Surgical Neuroscience Intensive Care Unit

The Department of Anesthesia is committed to the development of anesthesiologists skilled in the practice of critical care. The Surgical Neuroscience Intensive Care Unit/Cardiovascular Intensive Care Unit (SNICU/CVICU) at the University of Iowa Hospitals and Clinics has been medically directed by the Department of Anesthesia since the 1970's. The 36-bed SNICU is a major referral center for support of critically ill patients in Iowa.  Typical SNICU patient problems include: trauma, post-surgery, post-organ transplant (liver, and kidney), septic shock, multi-system organ failure, peri-operative complications, and acute neurological injuries (head and spine injuries, stroke). The SNICU is located in close proximity to the Main Operating Rooms and the Critical Care Laboratory, enhancing efficiency of patient care.

The CVICU is a combined medical and surgical ICU and located 1 floor below the SNICU.  Anesthesia trainees on this rotation cover only the surgical patients, but are immediately available to help with the management of airways or lines on the medical patients.  In addition, residents manage the airway and ventilator of adult burn unit patients requiring mechanically-assisted ventilation. 

In both units, patient care is directed by board-certified intensivists who are physicians with primary certification in anesthesia, internal medicine, surgery, trauma, emergency medicine, or neurology. Patient care is provided directly by residents and fellows and supported by other health care providers including critical care nurses, pharmacists, respiratory therapists, dietitians, social workers, and physical therapists. Finally, mid-level practitioners work with residents and fellows to facilitate safe, effective and efficient patient care. The mid-level practitioners help residents with activities such as documentation of patient care (writing notes in the electronic medical record) and order-writing. We believe that close professional relations between specialties and optimal patient care result from this team approach to clinical service and teaching.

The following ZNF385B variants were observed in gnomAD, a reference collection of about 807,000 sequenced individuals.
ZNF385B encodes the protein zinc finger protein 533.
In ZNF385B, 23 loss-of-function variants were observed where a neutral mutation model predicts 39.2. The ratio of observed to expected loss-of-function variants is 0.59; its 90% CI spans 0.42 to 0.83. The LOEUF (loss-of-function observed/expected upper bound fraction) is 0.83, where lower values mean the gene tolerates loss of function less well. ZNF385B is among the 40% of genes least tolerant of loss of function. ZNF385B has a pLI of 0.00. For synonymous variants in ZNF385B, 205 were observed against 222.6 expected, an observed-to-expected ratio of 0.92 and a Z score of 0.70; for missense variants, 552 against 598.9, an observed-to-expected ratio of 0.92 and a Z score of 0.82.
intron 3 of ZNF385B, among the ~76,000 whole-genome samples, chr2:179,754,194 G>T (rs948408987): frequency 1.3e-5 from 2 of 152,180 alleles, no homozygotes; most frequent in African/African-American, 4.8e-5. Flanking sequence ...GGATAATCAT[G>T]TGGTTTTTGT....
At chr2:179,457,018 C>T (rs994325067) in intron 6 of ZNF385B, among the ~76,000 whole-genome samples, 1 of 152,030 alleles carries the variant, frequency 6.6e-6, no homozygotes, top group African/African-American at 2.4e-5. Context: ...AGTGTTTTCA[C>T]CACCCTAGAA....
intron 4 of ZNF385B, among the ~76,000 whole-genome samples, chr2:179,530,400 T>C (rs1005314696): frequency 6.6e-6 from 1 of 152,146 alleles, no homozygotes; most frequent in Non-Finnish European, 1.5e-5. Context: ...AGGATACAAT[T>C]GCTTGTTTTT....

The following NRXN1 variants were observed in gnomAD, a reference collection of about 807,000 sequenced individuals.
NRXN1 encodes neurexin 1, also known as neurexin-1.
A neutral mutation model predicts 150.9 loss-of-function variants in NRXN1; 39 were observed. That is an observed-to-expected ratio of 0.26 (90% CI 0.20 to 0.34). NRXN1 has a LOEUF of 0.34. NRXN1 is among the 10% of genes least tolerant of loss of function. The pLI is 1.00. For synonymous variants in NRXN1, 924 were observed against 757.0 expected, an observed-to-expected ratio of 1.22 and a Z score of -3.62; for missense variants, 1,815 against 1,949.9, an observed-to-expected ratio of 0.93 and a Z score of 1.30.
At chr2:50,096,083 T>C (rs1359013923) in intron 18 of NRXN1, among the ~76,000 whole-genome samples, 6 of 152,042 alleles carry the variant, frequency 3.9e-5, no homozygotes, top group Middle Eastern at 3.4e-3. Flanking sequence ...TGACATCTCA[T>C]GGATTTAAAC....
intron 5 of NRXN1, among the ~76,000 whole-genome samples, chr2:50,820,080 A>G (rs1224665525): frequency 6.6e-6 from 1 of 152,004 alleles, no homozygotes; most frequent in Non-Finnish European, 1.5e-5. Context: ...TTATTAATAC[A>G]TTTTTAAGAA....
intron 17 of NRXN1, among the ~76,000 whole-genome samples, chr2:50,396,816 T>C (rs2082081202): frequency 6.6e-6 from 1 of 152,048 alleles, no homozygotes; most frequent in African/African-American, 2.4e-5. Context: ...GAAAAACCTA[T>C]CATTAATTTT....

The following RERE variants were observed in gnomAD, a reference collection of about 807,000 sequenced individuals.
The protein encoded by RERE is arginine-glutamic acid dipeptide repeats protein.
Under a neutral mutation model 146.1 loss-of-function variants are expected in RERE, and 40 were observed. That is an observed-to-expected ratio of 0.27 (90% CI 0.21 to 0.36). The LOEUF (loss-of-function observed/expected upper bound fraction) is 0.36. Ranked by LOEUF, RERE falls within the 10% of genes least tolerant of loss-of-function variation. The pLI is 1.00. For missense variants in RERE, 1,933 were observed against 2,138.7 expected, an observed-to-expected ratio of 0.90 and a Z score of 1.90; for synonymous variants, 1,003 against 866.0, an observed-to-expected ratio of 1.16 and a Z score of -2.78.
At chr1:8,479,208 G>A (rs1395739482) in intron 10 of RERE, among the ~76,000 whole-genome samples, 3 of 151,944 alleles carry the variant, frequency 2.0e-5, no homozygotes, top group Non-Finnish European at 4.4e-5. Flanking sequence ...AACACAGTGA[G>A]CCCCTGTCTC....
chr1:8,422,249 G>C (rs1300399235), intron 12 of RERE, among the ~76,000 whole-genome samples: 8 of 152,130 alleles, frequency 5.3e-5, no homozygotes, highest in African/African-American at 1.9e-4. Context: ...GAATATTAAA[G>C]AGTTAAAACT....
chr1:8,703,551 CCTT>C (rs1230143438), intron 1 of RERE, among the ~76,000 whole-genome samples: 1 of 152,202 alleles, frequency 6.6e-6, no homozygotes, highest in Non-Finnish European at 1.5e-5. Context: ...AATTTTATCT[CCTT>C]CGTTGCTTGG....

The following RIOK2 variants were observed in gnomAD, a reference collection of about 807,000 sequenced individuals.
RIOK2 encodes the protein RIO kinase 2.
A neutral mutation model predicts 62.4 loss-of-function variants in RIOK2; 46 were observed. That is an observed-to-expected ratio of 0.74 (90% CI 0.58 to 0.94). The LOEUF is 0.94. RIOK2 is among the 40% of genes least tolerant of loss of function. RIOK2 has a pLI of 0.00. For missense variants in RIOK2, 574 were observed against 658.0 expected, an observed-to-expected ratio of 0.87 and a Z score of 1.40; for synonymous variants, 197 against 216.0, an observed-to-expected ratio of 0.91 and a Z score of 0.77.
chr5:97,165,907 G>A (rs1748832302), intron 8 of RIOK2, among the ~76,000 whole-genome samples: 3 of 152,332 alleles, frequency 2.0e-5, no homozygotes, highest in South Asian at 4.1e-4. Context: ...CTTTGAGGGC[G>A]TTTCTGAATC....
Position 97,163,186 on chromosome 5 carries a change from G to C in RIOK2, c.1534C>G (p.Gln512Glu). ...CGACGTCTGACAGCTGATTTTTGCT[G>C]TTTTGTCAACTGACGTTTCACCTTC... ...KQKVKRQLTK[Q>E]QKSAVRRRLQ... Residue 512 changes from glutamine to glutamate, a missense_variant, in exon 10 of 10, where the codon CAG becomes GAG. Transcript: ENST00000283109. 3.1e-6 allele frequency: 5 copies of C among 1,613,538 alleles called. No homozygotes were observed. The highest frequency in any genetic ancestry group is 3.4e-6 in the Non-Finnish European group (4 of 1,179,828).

The didactic program emphasizes evidence-based practice and includes lectures, mechanical ventilation laboratories, journal clubs, morbidity and mortality conferences. Residents get significant experience in critical care procedures, including emergency airway management, mechanical ventilation, fiberoptic bronchoscopy, echocardiography, and broad aspects of hemodynamic monitoring. With graded levels of responsibility during the training process, residents develop the expertise and confidence to handle any patient care emergency in the OR or in the ICU.